15.The crystals, filtered paper and watch glass were placed in a desiccator for 5-10 minutes.

16.The dried crystals together with the filter paper and watch glass is weighed and recorded. Weight of dried, recrystallised aspirin was then calculated.

17.Percentage yield of dried, recrystallised aspirin was obtained by series of calculation.

18.Melting point of aspirin is determined by using OptiMelt.

19.Aspirin was discarded in the ‘Aspirin Waste’ container.

5.Results and CalculationsMassMass of salicylic acid = 2.50 gMass of filtered paper & watch glass = 41.82 gMass of dried, recrystallised aspirin, filter paper & watch glass = 43.34 gMass of dried, crystallised aspirin = 1.52 gPercent yieldNumber of moles of salicylic acid used = 0.01812 molExpected number of moles of aspirin= 0.01812 molExpected mass of aspirin = 3.262 gPercent yield = 46.6 % yieldMelting pointTemperature range 135.8 – 136.7 °CAppearanceThe crystals are white and needle-like.

6.DiscussionFrom this experiment, we get a rather fair yield. The followings might be the reasons that we did not get a high yield.

1.Air pocket appearing during vacuum filtration leading to crystal seeping through the air gap, hence lowered the yield.

2.Not all aspirin has crystallised during the cooling period.

3.Some crystals stick on the side of the Buchner filter funnel or on the conical flask, leading to lesser yield.

4.Too much water might be added causing aspirin to recrystallise at a longer period.

5.Some of the aspirin might be hydrolyzed to acetic acid and salicylic acid after water added and is left for isolation. Hence lessen the yield.

Figure 1: Hydrolysis of acetylsalicylic acid to acetic acid and salicylic acid (ChemistryExplained, 2009)The following might be the ways to improve the yield of aspirin.

1. Air pocket must be checked before starting suction filtration.

2.Do not leave aspirin with water for long isolation.

3.Use ethyl acetate instead of ethanol and water for recrystallisation so as to prevent aspirin from decompose.

4.Lessen the water added to the aspirin solution help to induce crystal at shorter period.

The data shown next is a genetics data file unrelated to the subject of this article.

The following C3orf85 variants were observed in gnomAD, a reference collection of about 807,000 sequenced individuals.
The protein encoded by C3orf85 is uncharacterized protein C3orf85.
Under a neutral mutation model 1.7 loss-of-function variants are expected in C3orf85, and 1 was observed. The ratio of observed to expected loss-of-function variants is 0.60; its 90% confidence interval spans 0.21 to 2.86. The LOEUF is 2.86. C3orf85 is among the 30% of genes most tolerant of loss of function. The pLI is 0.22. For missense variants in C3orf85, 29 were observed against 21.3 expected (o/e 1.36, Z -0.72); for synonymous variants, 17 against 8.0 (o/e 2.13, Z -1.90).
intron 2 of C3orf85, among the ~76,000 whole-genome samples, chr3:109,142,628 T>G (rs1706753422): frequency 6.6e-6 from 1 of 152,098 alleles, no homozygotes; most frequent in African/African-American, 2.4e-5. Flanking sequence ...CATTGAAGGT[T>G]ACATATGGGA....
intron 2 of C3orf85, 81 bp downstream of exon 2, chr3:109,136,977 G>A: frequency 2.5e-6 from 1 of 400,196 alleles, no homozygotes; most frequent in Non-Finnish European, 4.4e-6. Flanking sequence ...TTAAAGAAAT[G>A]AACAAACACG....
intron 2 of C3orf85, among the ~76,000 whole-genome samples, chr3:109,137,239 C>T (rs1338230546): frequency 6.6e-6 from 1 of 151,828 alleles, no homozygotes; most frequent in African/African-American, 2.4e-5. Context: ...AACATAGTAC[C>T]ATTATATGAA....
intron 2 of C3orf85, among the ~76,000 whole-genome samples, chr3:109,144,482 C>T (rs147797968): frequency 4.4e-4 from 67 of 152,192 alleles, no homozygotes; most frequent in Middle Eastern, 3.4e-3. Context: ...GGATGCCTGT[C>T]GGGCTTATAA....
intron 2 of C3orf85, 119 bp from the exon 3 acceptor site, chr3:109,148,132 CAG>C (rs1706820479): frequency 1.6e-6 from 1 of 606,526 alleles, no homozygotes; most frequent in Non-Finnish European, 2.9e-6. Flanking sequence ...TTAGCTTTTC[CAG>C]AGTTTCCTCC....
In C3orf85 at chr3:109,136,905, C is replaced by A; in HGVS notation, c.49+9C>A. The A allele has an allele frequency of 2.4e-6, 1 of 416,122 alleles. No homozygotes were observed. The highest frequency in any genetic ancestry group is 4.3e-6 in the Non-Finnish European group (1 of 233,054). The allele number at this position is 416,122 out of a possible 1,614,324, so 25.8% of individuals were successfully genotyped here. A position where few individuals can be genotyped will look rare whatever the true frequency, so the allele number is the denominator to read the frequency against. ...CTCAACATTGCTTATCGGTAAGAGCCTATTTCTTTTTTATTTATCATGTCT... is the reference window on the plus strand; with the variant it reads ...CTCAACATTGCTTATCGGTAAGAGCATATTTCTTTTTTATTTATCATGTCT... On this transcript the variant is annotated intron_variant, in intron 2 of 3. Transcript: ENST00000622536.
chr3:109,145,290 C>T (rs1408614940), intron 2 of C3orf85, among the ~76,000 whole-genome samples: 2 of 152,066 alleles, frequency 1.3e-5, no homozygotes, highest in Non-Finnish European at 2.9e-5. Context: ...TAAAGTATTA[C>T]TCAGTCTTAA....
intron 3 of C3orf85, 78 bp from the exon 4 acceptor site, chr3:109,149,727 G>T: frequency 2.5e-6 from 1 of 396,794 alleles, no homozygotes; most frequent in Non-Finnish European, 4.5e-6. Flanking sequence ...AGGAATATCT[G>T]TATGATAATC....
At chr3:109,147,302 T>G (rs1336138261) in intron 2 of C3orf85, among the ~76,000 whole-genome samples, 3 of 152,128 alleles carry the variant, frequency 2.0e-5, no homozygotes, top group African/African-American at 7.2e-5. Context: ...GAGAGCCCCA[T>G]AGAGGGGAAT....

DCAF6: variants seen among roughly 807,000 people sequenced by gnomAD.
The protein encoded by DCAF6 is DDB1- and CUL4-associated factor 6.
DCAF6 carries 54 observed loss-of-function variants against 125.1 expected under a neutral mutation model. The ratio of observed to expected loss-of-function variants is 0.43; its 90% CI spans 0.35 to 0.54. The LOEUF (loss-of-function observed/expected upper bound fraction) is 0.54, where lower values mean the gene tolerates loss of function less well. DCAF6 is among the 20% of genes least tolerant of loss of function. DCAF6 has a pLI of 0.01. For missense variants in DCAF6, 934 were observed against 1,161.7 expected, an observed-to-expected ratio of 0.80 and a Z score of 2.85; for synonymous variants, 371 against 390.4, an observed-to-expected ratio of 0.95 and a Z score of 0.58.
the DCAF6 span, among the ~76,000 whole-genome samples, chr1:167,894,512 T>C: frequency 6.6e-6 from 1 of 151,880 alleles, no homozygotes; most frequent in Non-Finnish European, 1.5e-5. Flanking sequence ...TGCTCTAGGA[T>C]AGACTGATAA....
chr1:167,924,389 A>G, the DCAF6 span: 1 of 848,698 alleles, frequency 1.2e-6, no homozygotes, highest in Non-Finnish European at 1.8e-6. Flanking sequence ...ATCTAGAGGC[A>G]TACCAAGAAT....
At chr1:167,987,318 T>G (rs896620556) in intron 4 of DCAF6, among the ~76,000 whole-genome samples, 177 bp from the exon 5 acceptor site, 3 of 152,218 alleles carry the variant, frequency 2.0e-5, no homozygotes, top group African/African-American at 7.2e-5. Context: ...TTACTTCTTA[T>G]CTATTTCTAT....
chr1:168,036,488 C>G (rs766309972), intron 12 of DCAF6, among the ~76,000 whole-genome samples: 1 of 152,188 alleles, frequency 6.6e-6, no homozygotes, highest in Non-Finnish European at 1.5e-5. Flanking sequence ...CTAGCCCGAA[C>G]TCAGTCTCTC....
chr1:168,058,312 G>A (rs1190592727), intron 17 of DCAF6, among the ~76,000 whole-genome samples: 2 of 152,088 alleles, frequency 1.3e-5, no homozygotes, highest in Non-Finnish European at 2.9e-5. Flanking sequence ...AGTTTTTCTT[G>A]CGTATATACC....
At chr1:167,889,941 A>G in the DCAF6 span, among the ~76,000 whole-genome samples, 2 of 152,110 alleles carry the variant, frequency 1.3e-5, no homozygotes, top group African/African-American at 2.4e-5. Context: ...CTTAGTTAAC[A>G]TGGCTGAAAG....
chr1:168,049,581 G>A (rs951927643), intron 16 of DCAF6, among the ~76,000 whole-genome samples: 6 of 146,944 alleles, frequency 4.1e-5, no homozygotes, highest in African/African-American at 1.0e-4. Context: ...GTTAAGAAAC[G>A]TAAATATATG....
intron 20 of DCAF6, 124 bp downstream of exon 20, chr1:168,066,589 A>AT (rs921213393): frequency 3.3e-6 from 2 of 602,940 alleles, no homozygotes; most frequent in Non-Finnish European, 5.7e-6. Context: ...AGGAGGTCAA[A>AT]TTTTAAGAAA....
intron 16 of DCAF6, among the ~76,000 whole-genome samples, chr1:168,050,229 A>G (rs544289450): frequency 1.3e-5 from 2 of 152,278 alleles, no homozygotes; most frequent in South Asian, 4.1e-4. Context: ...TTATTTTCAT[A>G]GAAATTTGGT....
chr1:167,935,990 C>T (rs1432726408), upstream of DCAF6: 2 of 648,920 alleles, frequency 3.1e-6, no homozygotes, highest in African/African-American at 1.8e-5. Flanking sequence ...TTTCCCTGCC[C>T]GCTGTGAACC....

5.Longer cooling period or place the flask in an ice bath might help to induce crystal at faster rate.

In this experiment, we get a rather pure aspirin. As the melting point obtained (135.8-136.7°C) was close to the theoretical melting point, 140°C. In addition, the melting point range was quite narrow. As the more impurity are present, the lower the melting point and the broader the range. Hence indicate the high purity of the synthesized asprin.

In this experiment, the safety precautions to take note are to wear safety goggles and disposable plastic gloves so as to prevent strong irritant and corrosive chemical from reaching our eyes or skin. Cotton gloves were used when handling glassware.

7.ConclusionWith reference to Introduction to Organic Laboratory Techniques A Small Scale Approach, experiment 7, pp. 60, pure aspirin has a melting point of 135-136°C. We can conclude that recrystallisaion was indeed an efficient way to increase purity as we get a melting point of 135.8-136.7°C.

To ensure better accuracy on the purity, we can test the purity by doing Ferric Chloride test, so as to determine if there is any salicylic acid remaining in our product. As salicylic acid is a phenol (compound that contain -OH on benzene ring). Phenols form a highly coloured complex with ferric chloride (Fe3+ ion). The result will appear purple if salicylic acid is present. A sample of pure aspirin should not exhibit any colour change. Infra-red spectrometry could also be used to check the purity of the compound for any presence of the spectrum of the -OH group of salicylic acid.

To have better purity, we could use hot ethyl acetate instead of ethanol and hot distilled water during recrystallisation. So as to prevent aspirin from partially decompose. In addition, we can substitute cold petroleum ether with water for rising remaining material from the flask. In conclusion, water is not recommended to be use with aspirin as it hydrolyzed it.


1.’aspirin’ 2005, in Collins Dictionary of Medicine, Collins, London, United Kingdom, viewed 20 November 2009, http://www.credoreference.com.ezp2.lib.sp.edu.sg/entry/collinsmed/aspirin2.’Aspirin’ 2004, in McGraw-Hill Concise Encyclopedia of Science and Technology, McGraw-Hill, New York, NY, USA, viewed 21 November 2009, http://www.credoreference.com.ezp2.lib.sp.edu.sg/entry/conscitech/aspirin3.Mary Bellis, History of Aspirin, About.com, a part of The New York Times Company, viewed 20 November 2009, http://inventors.about.com/library/inventors/blaspirin.htm4.’recrystallization’ 2004, in The New Penguin Dictionary of Science, Penguin, London, United Kingdom, viewed 21 November 2009, http://www.credoreference.com.ezp2.lib.sp.edu.sg/entry/penguinscience/recrystallization5.Donald L. Pavia, Gary M. Lampman, George S. Kriz, Randall G Engel, 2005, Introduction to organic laboratory techniques a small scale approach, 2nd ed, USA.

6.Vogel, Arthur Israel , 1989, Vogel’s Textbook of practical organic chemistry, 5th ed, London : Longman Scientific & Technical ; New York : Wiley7.Minnesota State University Moorhead , Recrystallization II, pp.23-27, Moorhead ,Clay County, Minnesota, United States, viewed 22 November 2009, http://www.mnstate.edu/jasperse/Chem355/Recrystallization-2.doc.pdf